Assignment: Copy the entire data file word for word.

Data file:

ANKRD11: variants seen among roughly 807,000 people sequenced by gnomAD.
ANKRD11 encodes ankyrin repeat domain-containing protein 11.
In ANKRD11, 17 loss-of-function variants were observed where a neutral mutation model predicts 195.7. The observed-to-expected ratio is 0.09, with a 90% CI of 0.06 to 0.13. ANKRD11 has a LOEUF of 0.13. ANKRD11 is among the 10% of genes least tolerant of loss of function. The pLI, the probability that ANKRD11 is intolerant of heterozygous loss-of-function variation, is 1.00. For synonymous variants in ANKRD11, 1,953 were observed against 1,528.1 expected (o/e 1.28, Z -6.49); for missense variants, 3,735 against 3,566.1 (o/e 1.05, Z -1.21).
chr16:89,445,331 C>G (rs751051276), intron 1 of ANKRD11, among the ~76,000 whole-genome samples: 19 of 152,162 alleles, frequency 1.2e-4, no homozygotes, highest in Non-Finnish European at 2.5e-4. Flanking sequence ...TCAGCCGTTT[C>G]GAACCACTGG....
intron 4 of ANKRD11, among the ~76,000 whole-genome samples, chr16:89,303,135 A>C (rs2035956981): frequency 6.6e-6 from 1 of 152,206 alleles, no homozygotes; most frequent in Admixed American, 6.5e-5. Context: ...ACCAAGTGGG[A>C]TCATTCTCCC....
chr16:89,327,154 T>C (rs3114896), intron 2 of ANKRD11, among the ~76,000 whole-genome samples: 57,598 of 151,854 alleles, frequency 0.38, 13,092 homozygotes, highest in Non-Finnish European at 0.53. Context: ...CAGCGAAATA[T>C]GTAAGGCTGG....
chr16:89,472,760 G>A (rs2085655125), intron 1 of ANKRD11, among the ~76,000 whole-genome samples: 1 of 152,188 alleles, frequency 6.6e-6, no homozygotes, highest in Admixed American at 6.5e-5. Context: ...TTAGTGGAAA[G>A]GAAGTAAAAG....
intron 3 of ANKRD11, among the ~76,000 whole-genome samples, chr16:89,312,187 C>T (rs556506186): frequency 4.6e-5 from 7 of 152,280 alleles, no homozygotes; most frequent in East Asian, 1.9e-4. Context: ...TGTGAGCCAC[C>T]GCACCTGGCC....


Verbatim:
ANKRD11: variants seen among roughly 807,000 people sequenced by gnomAD.
ANKRD11 encodes ankyrin repeat domain-containing protein 11.
In ANKRD11, 17 loss-of-function variants were observed where a neutral mutation model predicts 195.7. The observed-to-expected ratio is 0.09, with a 90% CI of 0.06 to 0.13. ANKRD11 has a LOEUF of 0.13. ANKRD11 is among the 10% of genes least tolerant of loss of function. The pLI, the probability that ANKRD11 is intolerant of heterozygous loss-of-function variation, is 1.00. For synonymous variants in ANKRD11, 1,953 were observed against 1,528.1 expected (o/e 1.28, Z -6.49); for missense variants, 3,735 against 3,566.1 (o/e 1.05, Z -1.21).
chr16:89,445,331 C>G (rs751051276), intron 1 of ANKRD11, among the ~76,000 whole-genome samples: 19 of 152,162 alleles, frequency 1.2e-4, no homozygotes, highest in Non-Finnish European at 2.5e-4. Flanking sequence ...TCAGCCGTTT[C>G]GAACCACTGG....
intron 4 of ANKRD11, among the ~76,000 whole-genome samples, chr16:89,303,135 A>C (rs2035956981): frequency 6.6e-6 from 1 of 152,206 alleles, no homozygotes; most frequent in Admixed American, 6.5e-5. Context: ...ACCAAGTGGG[A>C]TCATTCTCCC....
chr16:89,327,154 T>C (rs3114896), intron 2 of ANKRD11, among the ~76,000 whole-genome samples: 57,598 of 151,854 alleles, frequency 0.38, 13,092 homozygotes, highest in Non-Finnish European at 0.53. Context: ...CAGCGAAATA[T>C]GTAAGGCTGG....
chr16:89,472,760 G>A (rs2085655125), intron 1 of ANKRD11, among the ~76,000 whole-genome samples: 1 of 152,188 alleles, frequency 6.6e-6, no homozygotes, highest in Admixed American at 6.5e-5. Context: ...TTAGTGGAAA[G>A]GAAGTAAAAG....
intron 3 of ANKRD11, among the ~76,000 whole-genome samples, chr16:89,312,187 C>T (rs556506186): frequency 4.6e-5 from 7 of 152,280 alleles, no homozygotes; most frequent in East Asian, 1.9e-4. Context: ...TGTGAGCCAC[C>T]GCACCTGGCC....